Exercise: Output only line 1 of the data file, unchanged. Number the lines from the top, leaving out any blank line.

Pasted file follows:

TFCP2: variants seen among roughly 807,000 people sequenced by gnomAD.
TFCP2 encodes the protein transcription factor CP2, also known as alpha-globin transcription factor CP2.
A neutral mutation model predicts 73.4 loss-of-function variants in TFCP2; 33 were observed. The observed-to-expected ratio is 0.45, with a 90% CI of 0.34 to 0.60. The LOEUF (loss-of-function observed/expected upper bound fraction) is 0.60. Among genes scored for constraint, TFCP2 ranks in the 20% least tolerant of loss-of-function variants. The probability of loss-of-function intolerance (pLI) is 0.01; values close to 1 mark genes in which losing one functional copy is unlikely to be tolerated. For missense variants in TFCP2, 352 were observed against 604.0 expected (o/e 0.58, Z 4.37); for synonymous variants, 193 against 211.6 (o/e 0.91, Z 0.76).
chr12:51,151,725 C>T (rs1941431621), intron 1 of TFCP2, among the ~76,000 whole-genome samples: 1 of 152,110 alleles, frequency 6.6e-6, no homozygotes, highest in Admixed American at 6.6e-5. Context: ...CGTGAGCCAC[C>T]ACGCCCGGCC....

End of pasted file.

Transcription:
TFCP2: variants seen among roughly 807,000 people sequenced by gnomAD.